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Oral health education needs of diabetic patients in Ibadan.
Afr J Med Med Sci. 2000 Sep-Dec; 29(3-4):269-74.AJ

Abstract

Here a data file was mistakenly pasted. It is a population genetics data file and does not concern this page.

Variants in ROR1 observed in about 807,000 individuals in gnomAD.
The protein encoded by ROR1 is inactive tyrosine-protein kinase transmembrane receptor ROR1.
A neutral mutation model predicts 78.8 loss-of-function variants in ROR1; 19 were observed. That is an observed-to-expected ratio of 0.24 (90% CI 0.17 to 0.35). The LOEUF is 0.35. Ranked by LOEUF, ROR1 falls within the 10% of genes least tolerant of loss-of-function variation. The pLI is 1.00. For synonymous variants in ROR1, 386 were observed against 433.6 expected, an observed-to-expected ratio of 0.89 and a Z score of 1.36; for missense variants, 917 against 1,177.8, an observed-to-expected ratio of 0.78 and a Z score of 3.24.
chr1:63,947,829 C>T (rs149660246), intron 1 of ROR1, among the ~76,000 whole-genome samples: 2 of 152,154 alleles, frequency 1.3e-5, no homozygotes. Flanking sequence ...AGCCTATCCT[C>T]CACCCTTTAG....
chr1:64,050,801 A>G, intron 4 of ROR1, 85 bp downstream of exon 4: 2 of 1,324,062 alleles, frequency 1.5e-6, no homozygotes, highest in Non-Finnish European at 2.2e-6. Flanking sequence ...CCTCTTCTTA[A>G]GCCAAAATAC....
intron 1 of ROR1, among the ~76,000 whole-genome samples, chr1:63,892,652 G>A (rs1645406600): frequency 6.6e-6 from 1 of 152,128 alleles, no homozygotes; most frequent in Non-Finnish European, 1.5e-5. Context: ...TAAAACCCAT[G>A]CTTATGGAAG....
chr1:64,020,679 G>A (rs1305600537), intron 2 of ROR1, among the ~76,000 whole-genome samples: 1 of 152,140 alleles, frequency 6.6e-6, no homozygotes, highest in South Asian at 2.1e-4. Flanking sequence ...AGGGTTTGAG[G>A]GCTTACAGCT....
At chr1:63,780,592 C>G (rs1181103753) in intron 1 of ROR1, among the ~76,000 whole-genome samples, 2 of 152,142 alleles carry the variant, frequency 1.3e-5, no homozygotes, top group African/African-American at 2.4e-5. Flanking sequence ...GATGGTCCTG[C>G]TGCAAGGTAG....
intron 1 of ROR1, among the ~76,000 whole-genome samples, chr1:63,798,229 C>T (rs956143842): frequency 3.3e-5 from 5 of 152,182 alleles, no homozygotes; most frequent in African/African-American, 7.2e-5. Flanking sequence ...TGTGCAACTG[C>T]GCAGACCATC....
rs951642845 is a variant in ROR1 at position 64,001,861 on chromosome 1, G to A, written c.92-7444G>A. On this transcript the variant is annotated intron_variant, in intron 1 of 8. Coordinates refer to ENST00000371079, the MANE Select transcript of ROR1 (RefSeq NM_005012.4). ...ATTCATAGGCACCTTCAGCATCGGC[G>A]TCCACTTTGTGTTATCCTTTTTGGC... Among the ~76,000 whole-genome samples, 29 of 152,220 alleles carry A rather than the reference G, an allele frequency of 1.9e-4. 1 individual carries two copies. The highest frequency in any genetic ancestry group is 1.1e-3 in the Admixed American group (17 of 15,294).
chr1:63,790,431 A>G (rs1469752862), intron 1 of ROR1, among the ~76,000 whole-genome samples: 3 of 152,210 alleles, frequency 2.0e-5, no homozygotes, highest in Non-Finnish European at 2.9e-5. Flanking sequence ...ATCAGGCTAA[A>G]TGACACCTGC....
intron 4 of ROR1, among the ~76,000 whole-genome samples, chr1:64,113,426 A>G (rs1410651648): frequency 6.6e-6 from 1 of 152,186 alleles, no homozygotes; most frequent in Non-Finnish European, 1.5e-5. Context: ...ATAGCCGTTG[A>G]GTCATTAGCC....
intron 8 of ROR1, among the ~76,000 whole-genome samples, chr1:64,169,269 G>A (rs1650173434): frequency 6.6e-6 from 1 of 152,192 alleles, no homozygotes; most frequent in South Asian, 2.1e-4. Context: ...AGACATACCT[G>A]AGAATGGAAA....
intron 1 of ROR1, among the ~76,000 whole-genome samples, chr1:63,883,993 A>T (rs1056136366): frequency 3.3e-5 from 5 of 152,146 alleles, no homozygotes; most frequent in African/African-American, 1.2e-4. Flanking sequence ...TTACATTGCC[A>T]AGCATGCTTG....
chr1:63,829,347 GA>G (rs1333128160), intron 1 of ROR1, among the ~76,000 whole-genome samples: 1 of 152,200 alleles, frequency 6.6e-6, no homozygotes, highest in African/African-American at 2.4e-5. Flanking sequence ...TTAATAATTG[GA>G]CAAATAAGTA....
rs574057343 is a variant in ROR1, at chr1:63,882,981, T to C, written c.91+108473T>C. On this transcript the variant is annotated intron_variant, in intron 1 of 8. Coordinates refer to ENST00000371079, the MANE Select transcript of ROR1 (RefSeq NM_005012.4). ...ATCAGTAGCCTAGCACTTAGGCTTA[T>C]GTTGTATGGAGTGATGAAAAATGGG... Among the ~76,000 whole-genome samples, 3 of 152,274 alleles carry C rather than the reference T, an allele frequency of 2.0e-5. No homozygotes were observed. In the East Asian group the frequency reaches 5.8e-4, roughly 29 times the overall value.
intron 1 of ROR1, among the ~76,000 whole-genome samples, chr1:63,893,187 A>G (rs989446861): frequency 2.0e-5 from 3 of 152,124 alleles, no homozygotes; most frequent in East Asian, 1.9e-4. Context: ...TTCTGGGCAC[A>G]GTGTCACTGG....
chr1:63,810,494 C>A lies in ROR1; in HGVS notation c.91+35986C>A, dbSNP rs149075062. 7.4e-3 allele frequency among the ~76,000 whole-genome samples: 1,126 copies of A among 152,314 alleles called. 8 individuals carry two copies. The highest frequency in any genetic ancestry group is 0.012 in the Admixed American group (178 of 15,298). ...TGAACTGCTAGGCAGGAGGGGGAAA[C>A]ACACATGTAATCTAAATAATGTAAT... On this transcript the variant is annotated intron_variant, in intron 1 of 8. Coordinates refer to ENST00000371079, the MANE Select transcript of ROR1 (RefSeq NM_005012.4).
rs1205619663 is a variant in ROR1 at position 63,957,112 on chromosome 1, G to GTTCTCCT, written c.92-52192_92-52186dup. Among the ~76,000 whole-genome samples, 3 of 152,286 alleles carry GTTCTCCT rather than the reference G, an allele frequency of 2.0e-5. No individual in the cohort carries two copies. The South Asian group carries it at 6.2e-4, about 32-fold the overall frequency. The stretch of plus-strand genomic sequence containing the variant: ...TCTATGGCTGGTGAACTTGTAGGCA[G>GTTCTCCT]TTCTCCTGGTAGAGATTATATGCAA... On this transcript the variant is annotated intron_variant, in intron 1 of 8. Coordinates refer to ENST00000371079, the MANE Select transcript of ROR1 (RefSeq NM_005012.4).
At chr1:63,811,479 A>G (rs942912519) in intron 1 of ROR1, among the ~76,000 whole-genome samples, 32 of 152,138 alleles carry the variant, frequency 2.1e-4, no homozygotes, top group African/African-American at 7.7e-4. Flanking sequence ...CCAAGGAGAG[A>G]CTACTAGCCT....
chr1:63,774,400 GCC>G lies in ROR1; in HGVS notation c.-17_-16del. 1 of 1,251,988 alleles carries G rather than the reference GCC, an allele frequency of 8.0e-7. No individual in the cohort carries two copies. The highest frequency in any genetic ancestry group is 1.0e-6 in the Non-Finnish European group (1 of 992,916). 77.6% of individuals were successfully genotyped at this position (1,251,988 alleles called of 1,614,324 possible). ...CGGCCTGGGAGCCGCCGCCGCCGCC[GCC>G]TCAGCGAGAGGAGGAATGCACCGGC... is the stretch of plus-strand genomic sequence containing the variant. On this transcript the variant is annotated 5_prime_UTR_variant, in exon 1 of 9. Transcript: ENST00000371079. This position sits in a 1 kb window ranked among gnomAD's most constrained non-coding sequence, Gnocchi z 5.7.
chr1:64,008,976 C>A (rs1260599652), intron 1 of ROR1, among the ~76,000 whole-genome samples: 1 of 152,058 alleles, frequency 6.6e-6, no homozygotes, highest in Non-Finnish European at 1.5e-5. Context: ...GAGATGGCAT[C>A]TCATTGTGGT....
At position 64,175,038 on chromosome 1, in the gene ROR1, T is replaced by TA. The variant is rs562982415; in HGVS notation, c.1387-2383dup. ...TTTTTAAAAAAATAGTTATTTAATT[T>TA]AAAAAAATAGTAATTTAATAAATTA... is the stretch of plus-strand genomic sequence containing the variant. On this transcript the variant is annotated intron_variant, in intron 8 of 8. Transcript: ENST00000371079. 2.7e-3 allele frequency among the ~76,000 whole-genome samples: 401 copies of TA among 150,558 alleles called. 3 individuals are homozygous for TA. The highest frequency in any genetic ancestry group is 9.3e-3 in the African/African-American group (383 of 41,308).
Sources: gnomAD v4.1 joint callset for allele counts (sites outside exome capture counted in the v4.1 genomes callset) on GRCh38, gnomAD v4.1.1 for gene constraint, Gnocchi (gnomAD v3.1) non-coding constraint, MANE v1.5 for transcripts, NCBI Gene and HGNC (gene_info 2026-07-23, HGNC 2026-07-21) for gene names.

Previous studies on this group showed very high perceived oral health needs of diabetics. The author therefore considered it necessary to investigate their oral health education needs. This study seeks to highlight the oral health knowledge, attitude and practices of the group with the view of designing a dental health education programme which can be incorporated into the already existing health education programme for diabetics. The study was conducted on a sample of 120 adult registered diabetic patients from the two diabetes clinics in Ibadan, University College Hospital (U.C.H.) and Ring Road Government Hospital. The study also included fifty healthy adult non-diabetic volunteers for comparism. Glycaemic control was determined by estimating their fasting blood glucose F.B.G. Four trained interviewers interviewed the participants on their oral health knowledge, attitude and practices as well as on vulnerability factors such as educational status, gender, occupation, location and age. Nineteen (19) diabetic patients and fourteen (14) non-diabetic participants were excluded from the study. This study highlights the comparable oral health knowledge, attitude and practices of diabetic patients with the non-diabetic participants. The study shows the good knowledge of all groups on the frequency of tooth cleaning (86.1%, 84.6% and 95.2%), their poor knowledge on the necessity of regular dental clinic attendance (25%, 23.1% and 45.2%) and the effect of diet on their oral health (2.8%, 31% and 29%). Less than 50% of the subjects knew the cause of periodontal disease. Majority of diabetic patients do not know factors in diabetics that can contribute to oral ill health and most importantly quite a number of diabetics (53.9% and 46.8%) were not aware of the need for glyceamic control to prevent and control oral infections in diabetics. The positively established attitudes of many subjects towards oral health is unequivocal. The habit of tooth cleaning either with toothbrush and paste or with chewing stick is entrenched in the participants. The influence of educational status was highly significant on the frequency of tooth-brushing. Removal of calculus being the highest perceived need in a previous study, in this group, is not consistent with the regular tooth cleaning habits expressed in this study. However, previous researchers have emphasised the efficiency rather than frequency of cleaning as the more important aspect of tooth cleaning. Thus, this study seems to have confirmed previous studies. This study brings into focus the establishment of a positive attitude prior to knowledge without it being followed up with a health directed behaviour.